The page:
Deportation a ‘distraction’ from USP’s boom performance, says Ahluwalia

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University of the South Pacific vice-chancellor Professor Pal Ahluwalia ... good to see USP flourish. Image: RNZ/USP

By RNZ Pacific

The deported vice-chancellor of the University of the South Pacific says booming student enrolments are a vote of confidence in the regional institution.

Professor Pal Ahluwalia said numbers were up 23 percent on last year.

Professor Ahluwalia was arrested and deported with his wife last week by Fiji authorities.

The lack of consultation by Fiji with other regional government partners in the 12-nation university has led to a formal USP Council investigation.

Professor Ahluwalia said the “saga” was a distraction from the strong performance of the university.

Despite his sidelining, he said it was good to see the university flourish.

“It shows that our students are voting with their feet. I’ve been making this very clear that the USP is bigger than any single person and I’m confident that if and when I’m allowed to return to my position, wherever it is, that we will just become stronger and stronger.”

Professor Ahluwalia said he was proud of the USP’s executive, directors and academic staff for achieving such strong results.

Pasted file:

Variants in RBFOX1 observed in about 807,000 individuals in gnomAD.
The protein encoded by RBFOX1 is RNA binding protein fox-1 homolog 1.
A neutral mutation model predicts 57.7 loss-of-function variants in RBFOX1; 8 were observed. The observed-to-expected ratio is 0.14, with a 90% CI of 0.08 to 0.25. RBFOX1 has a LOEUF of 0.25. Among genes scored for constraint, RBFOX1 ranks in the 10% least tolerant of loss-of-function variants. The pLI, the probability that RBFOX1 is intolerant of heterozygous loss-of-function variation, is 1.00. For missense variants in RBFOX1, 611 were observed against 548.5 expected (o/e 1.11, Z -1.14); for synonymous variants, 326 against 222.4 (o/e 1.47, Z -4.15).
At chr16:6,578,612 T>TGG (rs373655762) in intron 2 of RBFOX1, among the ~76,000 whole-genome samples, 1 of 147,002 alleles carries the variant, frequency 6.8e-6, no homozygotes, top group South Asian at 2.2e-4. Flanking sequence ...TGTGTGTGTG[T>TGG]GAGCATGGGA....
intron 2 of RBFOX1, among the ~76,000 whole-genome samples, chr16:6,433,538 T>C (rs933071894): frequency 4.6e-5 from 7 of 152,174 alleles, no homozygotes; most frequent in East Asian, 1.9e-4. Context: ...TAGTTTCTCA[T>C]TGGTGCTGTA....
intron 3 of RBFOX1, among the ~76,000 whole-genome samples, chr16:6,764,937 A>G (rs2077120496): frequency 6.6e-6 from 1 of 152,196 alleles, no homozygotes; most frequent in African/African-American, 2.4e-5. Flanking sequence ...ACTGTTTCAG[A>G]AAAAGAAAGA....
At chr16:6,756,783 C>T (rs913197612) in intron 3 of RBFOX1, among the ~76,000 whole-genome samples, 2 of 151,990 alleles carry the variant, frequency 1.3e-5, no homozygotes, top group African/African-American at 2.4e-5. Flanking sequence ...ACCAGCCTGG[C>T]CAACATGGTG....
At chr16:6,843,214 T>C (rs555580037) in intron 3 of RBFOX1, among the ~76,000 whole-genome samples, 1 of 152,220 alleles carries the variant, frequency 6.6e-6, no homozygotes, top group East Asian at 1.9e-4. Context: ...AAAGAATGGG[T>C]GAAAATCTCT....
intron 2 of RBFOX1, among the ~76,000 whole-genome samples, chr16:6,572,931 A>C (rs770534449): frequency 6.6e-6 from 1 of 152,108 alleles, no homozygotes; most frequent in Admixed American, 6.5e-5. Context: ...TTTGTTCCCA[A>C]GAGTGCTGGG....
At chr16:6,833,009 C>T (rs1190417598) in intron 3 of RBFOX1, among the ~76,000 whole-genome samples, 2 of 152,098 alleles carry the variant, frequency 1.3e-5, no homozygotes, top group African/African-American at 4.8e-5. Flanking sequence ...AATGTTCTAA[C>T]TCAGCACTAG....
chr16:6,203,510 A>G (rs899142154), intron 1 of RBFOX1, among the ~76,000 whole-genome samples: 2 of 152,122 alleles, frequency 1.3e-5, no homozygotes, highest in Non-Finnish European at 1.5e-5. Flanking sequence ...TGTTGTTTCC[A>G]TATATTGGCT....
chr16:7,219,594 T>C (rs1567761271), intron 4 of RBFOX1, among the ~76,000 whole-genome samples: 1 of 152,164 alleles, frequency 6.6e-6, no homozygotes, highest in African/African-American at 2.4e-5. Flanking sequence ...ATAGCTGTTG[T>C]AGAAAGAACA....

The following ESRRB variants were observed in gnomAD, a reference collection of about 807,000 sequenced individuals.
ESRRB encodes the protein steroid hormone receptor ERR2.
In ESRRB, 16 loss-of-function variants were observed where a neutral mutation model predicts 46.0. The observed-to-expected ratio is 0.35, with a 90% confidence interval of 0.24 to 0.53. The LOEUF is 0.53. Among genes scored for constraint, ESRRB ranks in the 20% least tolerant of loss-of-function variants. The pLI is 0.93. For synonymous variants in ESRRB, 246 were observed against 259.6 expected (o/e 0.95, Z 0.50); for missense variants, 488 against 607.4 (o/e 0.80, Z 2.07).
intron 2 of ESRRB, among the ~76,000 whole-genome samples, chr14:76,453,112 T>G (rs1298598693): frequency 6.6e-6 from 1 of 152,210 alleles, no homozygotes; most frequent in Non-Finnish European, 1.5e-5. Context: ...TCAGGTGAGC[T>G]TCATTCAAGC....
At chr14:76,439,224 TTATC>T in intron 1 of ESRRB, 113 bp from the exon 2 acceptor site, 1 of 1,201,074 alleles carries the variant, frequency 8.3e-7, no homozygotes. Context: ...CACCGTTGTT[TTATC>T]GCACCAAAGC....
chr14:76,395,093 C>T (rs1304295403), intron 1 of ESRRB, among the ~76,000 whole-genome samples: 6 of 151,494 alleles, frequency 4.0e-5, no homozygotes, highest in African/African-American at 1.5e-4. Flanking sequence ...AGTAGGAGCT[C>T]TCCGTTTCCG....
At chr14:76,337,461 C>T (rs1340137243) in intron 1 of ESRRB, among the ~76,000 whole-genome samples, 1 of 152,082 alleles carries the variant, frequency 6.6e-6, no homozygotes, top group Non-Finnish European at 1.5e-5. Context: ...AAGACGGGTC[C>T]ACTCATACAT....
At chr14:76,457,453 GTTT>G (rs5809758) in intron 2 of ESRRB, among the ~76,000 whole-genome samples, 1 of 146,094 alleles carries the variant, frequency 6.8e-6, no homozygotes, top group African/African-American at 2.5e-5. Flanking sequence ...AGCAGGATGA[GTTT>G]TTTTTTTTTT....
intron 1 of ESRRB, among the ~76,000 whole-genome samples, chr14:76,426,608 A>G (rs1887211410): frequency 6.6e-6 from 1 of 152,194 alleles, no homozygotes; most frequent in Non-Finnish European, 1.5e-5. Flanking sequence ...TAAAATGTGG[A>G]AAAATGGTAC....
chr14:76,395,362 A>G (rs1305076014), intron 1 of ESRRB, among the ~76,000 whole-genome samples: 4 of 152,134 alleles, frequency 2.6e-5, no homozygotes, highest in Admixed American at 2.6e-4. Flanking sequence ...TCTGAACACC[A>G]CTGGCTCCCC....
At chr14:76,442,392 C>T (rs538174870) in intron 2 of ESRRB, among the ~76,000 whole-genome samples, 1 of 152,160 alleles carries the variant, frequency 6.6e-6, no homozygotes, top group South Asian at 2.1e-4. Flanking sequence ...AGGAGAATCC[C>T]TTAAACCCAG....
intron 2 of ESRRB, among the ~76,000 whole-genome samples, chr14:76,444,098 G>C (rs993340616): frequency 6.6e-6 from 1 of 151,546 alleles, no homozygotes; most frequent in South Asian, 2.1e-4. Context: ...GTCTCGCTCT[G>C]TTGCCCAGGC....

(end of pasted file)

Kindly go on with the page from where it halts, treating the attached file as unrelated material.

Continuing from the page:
“I’m confident the team will get the academic year off to a strong start despite my recent arrest in Fiji and deportation to Australia,” he said.

The actions of the Fiji government and USP Council representatives are being being investigated by a subcommittee of the regional institution.

Response to deportation in Fiji
Fiji’s Law Society and a human rights coalition have joined the widespread condemnation of the arrests and deportation of Ahluwalia and his wife Sandra Price.

The NGO Coalition for Human Rights said the extreme force employed by Immigration officials and police was unacceptable and unjustified.

The deportations come after months of tensions between the university and the Fiji government, with staff and student protests erupting in June following the removal of Professor Ahluwalia and ongoing allegations of corruption and financial mismanagement by him against the former administration.

The coalition said the strong-armed approach by government did not reflect democratic principles or the human rights values Fiji championed in its role as president of the UN Human Rights Council.

Meanwhile, Fiji’s Law Society said deportation was not an answer to allegations of impropriety.

It called on the government to follow the rule of law, saying no authority should exercise undue force when there were mechanisms to deal with such matters.

This article is republished under a community partnership agreement with RNZ.

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